A sex discrimination suit filed by eight female employees in February 1997 was settled yesterday. The plaintiff charged that they were systematically deprived of training, support staff, and other resources because of their sex. They also alleged that many women had returned from maternity leave to find their positions either eliminated or demoted.
Under the settlement agreement, the eight plaintiffs will split $600,000 and will allow any of the 2,500 women employed at Merrill Lynch since 1994 to pursue mediation of complaints with a neutral arbitrator. Women who are unsatisfied with this process may seek compensation in a public hearing. Merrill Lynch has promised to create a multi-million-dollar fund to pay for the settlement of these claims.
Lead Plaintiff Attorney Mary Stowell believes that the Merrill Lynch settlement is superior to the settlement offered by Smith Barney, another powerful brokerage company, last November. "We're delighted the settlement takes the Smith Barney settlement a step forward and does away with mandatory arbitration for future claims and sets up a fair process that is better than court, in which women who have suffered sex discrimination can receive all damages allowed under the law," said Stowell.
10/31/2014 Federal Judge Exempts Another Catholic University from Birth Control Coverage - A federal judge ruled Tuesday that Ave Maria University, a Catholic university in Florida, does not have to comply with federal rules meant to ensure that covered employees can exercise their right to obtain birth control at no cost.
The Affordable Care Act requires all new health insurance plans to cover all FDA-approved contraceptives - such as the pill, emergency contraceptives, and IUDs - without charging co-pays, deductibles or co-insurance. . . .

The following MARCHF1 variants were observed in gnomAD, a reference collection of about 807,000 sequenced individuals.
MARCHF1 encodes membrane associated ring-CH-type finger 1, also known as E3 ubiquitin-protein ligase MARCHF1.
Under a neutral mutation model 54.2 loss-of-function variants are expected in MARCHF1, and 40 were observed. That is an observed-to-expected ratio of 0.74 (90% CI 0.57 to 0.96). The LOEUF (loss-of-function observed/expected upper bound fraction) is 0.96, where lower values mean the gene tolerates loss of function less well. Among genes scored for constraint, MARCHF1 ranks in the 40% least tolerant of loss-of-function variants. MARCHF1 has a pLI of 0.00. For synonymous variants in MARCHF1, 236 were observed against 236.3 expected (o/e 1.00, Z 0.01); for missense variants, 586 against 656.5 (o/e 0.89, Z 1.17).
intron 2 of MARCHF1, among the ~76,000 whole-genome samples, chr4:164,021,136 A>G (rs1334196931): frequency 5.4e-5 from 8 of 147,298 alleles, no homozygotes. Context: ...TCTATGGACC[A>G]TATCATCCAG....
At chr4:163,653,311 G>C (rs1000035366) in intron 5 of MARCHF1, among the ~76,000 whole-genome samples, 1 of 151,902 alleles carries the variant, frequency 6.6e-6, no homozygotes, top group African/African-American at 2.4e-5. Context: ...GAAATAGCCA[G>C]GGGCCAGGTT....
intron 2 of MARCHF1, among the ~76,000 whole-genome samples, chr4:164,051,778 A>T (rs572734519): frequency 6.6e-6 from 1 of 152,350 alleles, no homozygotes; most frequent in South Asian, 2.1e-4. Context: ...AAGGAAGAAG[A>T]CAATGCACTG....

10/31/2014 Women of Color in Tennessee Are United in Opposition to Amendment 1 - Just days before the general election in Tennessee, a coalition of community leaders, clergy, and advocates led a press conference encouraging women of color to vote no on Amendment 1, a dangerous and far-reaching measure on the state's ballot.
SisterReach, a grassroots organization focused on "empowering, organizing, and mobilizing women and girls in the community around their reproductive and sexual health to make informed decisions about themselves," organized the press conference "to call attention to the unique concerns Black and poor communities throughout Shelby County and across the state of Tennessee face on a daily basis" and to emphasize how the upcoming election "could further limit [black women's] reproductive, economic, political, and social autonomy."
"We assemble today to impress upon black women and women of color, many of whom are heads of households, to get out and vote," said SisterReacher Founder and CEO Cherisse Scott at the event.
SisterReach has been educating voters about the particularly dangerous impact of Amendment 1 on women of color. . . .
10/30/2014 Medication Abortion Access Threatened by Oklahoma Court Ruling - An Oklahoma state district court judge has refused to block a state law restricting medication abortion, clearing the way for the law to go into affect on November 1.
The Oklahoma Coalition for Reproductive Justice, together with a local abortion clinic in Tulsa, challenged HB 2684 in September, arguing that the law was an unconstitutional restriction on non-surgical abortion in the earliest weeks of pregnancy. . . .